Advancements in contact lens technology during the past 20 years have been tremendous in terms of repercussions on ocular health, visual performance and ease of prescribing by the ocular medical community. But, we can continue to look forward to new technology and new applications of contact lenses in patients’ everyday lives.

When explored, the possibilities are really quite limitless—and they open the door for an expansion of optometrists’ scope of practice. What factors currently impact our contact lens practicing habits? How will that continue on into the future? How will new applications of contact lens technology mesh with our daily lives?

Contact Lenses, Currently
One highlight of technological advancement in contact lenses is the improvement in oxygen permeability. The contact lens industry shouldn’t put the brakes on striving for even greater oxygen levels, even with the advent of silicone hydrogel materials.

Although recent studies suggest that the level of oxygen supplied by most silicone hydrogel lenses is adequate for maintaining corneal health, the bottom line is that the eye has the greatest likelihood of good health if it receives the highest amounts of oxygen.1-3

Certainly, there are other factors that lead to successful contact lens wear, such as deposition likelihood, movement and wettability. But, if the cornea is designed for normal oxygen levels throughout the day and closed-lid compensation at night, then why should we settle for “adequate” oxygen levels in contact lenses? Even if there is no immediate risk to the eye, why apply even very low levels of hypoxia on the cornea if we can avoid it?

The contact lens industry focuses on Dk/t values and how those apply to corneal health. Yes, central corneal oxygen exposure is important; however, it is the peripheral cornea that is actually deleteriously affected by the lower Dk/t levels that are evident in all contact lenses. Dk/t has a much lower value in the thicker, peripheral contact lens material than at its center, which is usually what we pay most attention to.4

Remember, the limbus is the only source of epithelial stem cells, which help the cornea heal quickly and maintain normal function. If lower Dk/t values in the peripheral contact lens material cause hypoxic inflammation in the limbus, there is the potential for serious complications, such as chronic keratitis, vascularization and recurrent erosions.5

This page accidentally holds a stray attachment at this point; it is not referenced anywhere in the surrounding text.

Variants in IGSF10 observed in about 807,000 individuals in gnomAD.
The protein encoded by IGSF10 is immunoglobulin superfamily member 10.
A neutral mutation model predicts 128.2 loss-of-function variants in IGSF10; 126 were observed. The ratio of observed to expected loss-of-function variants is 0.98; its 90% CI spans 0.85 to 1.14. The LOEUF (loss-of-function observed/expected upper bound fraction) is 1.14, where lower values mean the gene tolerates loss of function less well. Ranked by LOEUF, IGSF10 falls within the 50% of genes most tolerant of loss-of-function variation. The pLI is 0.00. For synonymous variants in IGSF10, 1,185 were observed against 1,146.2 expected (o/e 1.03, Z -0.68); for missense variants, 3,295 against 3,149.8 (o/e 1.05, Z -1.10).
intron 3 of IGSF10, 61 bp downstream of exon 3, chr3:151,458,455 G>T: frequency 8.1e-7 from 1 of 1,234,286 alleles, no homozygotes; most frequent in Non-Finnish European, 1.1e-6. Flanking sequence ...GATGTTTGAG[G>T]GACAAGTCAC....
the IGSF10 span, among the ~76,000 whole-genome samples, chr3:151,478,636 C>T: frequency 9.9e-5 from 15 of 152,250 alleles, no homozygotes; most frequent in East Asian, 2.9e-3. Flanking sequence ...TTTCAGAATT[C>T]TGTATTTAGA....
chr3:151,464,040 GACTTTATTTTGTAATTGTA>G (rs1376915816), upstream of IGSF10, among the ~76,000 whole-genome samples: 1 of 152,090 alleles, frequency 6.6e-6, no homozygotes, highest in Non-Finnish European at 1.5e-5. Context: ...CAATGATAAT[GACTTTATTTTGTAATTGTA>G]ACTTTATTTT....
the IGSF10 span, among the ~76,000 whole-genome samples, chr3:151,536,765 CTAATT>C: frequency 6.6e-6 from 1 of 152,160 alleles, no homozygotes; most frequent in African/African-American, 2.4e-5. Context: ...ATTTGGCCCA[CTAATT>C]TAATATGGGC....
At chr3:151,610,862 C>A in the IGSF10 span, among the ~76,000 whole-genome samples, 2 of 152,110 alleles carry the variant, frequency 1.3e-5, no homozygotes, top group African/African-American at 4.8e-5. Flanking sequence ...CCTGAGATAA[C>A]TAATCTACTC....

Practitioners should continue to use those contact lenses with the highest possible Dk/t values. Longer-term studies show that silicone-hydrogel wearers currently have indistinguishable corneas compared to non-lens wearing corneas.6,7 Increased oxygen levels will limit the amount of chronic limbal inflammation, so industry leaders should continue to attempt to reach the highest oxygen levels possible. Continued improvements in oxygen flow are necessary to mimic “normoxia” conditions, which will be healthiest of all.

Vision Improvement
The word “aberrations” has a negative connotation in the optical world. However, aberrations have actually been used intentionally in multifocal contact lenses to give expanded depth of focus to presbyopic patients.

Continuing on that path of design, contact lenses can be developed with aberrations created specifically to negate the eye’s own aberrations. Instead of expanding the depth of focus, these lenses would help to improve the quality of single vision.8

But, the challenge in working with such lenses would be the fluctuation of the eye’s own aberrations over time. A lens that corrects for aberrations may not fully correct vision at all times, though creating an “adjustable” lens is a near possibility in the customizable contact lens realm.

Looking further to improve visual capabilities with contact lenses, some researchers have turned to nocturnal geckos as their ideal model. The multifocal optical systems of these creatures allow them to focus on objects at different distances, and they only have highly sensitive cones (no rods) in their retina, so they can actually see color at nighttime.9 An in-depth understanding of their visual system could allow us to develop more effective multifocal contact lenses for our presbyopic patients.